Kanthal, part of the Sandvik group, has created an oven that is able to fully bake pizza in just 37 seconds. The record-breaking pizza oven uses electromagnetic radiation to heat up the oven’s contents and its compact element-design, often referred to as porcupine elements, makes it possible to pack a large amount of power into a small space. Each of these elements runs at a temperature of 900°C.
While electric heating demonstrates clear benefits for applications such as aluminium and steel processing, Kanthal, a heating and technology expert part of the Sandvik Group, has discovered one of its more unlikely uses. Advanced heating technology was used in a bespoke oven that can cook a pizza in a record-breaking 37 seconds.
In a typical home oven, a pizza will cook in around 10 minutes at a temperature of 200°C. At a traditional pizzeria, a wood-fired oven can bake a Neapolitan pizza in as little as 90 seconds, at around 430°C. However, a wood-fired oven is typically heated once during the firing stage and temperature is difficult to control.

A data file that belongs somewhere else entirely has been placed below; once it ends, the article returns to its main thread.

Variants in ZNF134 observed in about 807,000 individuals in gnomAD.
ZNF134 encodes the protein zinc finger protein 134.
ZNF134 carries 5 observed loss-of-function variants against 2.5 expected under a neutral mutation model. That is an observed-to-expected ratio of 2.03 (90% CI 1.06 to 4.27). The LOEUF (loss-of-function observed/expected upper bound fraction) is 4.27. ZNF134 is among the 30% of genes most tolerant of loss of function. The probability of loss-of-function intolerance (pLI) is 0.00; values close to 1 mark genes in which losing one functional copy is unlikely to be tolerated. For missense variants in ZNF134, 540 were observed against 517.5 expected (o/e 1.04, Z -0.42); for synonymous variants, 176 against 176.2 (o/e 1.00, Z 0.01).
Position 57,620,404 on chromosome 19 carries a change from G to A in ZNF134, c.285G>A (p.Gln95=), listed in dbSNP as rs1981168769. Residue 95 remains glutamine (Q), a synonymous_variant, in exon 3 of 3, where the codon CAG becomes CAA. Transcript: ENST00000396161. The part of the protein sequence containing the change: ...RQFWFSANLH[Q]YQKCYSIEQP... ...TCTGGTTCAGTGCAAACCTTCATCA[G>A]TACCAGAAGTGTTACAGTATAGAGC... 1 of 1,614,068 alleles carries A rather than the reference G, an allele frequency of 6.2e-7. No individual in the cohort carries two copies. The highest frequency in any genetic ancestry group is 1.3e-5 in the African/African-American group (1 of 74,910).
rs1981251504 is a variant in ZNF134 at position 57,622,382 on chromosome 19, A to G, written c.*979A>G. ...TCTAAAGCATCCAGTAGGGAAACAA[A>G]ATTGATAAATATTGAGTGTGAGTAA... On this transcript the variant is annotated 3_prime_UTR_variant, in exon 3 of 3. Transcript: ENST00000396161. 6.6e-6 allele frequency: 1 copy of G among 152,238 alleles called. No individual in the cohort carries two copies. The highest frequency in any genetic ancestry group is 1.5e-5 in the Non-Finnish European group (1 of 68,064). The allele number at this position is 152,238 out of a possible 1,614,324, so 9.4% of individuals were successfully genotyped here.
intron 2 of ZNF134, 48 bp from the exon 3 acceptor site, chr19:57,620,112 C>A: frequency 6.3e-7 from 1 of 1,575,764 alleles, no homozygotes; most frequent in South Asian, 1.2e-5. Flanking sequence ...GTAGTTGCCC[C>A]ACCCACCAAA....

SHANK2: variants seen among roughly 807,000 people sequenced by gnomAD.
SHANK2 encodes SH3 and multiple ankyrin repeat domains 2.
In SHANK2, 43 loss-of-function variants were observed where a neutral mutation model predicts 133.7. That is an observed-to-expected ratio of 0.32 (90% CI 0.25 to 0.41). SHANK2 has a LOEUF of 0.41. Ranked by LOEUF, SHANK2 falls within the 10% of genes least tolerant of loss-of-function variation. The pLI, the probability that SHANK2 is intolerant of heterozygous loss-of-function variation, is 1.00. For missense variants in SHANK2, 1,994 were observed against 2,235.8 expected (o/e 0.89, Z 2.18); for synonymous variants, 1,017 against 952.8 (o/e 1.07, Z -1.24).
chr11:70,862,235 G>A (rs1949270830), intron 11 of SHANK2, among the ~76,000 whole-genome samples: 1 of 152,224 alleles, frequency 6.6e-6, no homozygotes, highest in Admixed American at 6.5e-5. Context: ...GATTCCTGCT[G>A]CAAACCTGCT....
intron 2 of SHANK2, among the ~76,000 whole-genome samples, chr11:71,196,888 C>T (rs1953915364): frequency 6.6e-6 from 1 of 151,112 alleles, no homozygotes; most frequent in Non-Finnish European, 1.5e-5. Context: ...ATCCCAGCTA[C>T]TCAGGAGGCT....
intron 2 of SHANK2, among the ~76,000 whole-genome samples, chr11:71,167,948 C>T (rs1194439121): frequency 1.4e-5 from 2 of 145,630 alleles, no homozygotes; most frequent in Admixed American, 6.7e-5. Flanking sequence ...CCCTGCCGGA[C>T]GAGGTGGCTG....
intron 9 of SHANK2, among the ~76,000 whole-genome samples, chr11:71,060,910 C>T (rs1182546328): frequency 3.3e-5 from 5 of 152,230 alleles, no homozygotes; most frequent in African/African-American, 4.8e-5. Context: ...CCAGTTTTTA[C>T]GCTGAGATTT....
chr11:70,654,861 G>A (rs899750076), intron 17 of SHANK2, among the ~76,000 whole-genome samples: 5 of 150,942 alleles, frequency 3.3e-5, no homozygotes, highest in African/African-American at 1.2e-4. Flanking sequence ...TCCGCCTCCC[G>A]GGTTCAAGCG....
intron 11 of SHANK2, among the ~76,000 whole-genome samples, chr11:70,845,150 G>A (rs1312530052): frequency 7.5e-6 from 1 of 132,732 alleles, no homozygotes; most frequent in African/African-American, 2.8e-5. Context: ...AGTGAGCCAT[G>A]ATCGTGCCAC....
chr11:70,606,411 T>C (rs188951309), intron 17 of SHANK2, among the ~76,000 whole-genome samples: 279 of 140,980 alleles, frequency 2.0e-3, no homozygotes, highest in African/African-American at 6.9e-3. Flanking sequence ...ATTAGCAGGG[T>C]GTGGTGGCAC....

In addition to the elements themselves, the oven also features several reflectors to aid the even distribution of heat and ensure a uniform bake.
Kanthal AF is typically used in electric heating elements in industrial furnaces and home appliances, such as in open mica elements for toasters, suspended coil elements in fan heaters and in coils on molded ceramic fiber for cooking plates with ceramic hobs. In these settings, the alloy operates in temperatures up to 1,300°C.
While Kanthal’s oven delivers an unbeatable cooking time, taste was an equally important factor. In partnership with Oskar Montano, co-owner of renowned pizza restaurant 800° in Stockholm, Sweden and a leading Neapolitan pizza specialist, Kanthal R&D engineer Björn Holmstedt, achieved culinary success.
“I always enjoy a challenge and, knowing that heat plays such a crucial part in pizza making, I saw this experiment as a perfect match for Kanthal,” Holmstedt says.
“Because our heating technology can produce heat up to 1,850°C, hitting a high temperature wasn’t an issue. However, pizza making is a precise craft that requires care to get the perfect crust, so we needed to take full advantage of our technology to provide a high temperature that we could easily control. Pizza ovens are not part of our portfolio, yet it was important for us to showcase everything that advanced heating technology can achieve,” Holmstedt concluded.